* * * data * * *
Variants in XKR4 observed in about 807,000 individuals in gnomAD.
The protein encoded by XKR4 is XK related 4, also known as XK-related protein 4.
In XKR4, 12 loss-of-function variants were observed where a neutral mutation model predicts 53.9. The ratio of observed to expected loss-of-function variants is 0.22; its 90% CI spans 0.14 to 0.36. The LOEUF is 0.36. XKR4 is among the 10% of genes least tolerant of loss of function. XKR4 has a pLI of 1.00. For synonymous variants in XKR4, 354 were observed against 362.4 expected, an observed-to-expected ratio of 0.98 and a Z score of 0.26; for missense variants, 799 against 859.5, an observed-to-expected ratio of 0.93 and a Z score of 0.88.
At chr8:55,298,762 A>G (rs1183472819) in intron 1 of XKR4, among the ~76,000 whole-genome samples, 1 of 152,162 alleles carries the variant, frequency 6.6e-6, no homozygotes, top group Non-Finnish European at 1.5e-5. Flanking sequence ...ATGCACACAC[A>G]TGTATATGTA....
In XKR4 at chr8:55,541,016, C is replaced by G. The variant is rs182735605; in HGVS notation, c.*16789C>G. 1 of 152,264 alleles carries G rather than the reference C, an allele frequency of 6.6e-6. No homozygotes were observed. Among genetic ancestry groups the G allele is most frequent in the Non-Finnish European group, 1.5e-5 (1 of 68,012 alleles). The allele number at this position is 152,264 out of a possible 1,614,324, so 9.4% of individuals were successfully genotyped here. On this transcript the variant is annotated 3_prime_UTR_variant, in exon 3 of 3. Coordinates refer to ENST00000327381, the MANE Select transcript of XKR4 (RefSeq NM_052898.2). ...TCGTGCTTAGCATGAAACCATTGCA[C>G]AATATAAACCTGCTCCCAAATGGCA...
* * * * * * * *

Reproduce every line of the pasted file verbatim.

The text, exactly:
Variants in XKR4 observed in about 807,000 individuals in gnomAD.
The protein encoded by XKR4 is XK related 4, also known as XK-related protein 4.
In XKR4, 12 loss-of-function variants were observed where a neutral mutation model predicts 53.9. The ratio of observed to expected loss-of-function variants is 0.22; its 90% CI spans 0.14 to 0.36. The LOEUF is 0.36. XKR4 is among the 10% of genes least tolerant of loss of function. XKR4 has a pLI of 1.00. For synonymous variants in XKR4, 354 were observed against 362.4 expected, an observed-to-expected ratio of 0.98 and a Z score of 0.26; for missense variants, 799 against 859.5, an observed-to-expected ratio of 0.93 and a Z score of 0.88.
At chr8:55,298,762 A>G (rs1183472819) in intron 1 of XKR4, among the ~76,000 whole-genome samples, 1 of 152,162 alleles carries the variant, frequency 6.6e-6, no homozygotes, top group Non-Finnish European at 1.5e-5. Flanking sequence ...ATGCACACAC[A>G]TGTATATGTA....
In XKR4 at chr8:55,541,016, C is replaced by G. The variant is rs182735605; in HGVS notation, c.*16789C>G. 1 of 152,264 alleles carries G rather than the reference C, an allele frequency of 6.6e-6. No homozygotes were observed. Among genetic ancestry groups the G allele is most frequent in the Non-Finnish European group, 1.5e-5 (1 of 68,012 alleles). The allele number at this position is 152,264 out of a possible 1,614,324, so 9.4% of individuals were successfully genotyped here. On this transcript the variant is annotated 3_prime_UTR_variant, in exon 3 of 3. Coordinates refer to ENST00000327381, the MANE Select transcript of XKR4 (RefSeq NM_052898.2). ...TCGTGCTTAGCATGAAACCATTGCA[C>G]AATATAAACCTGCTCCCAAATGGCA...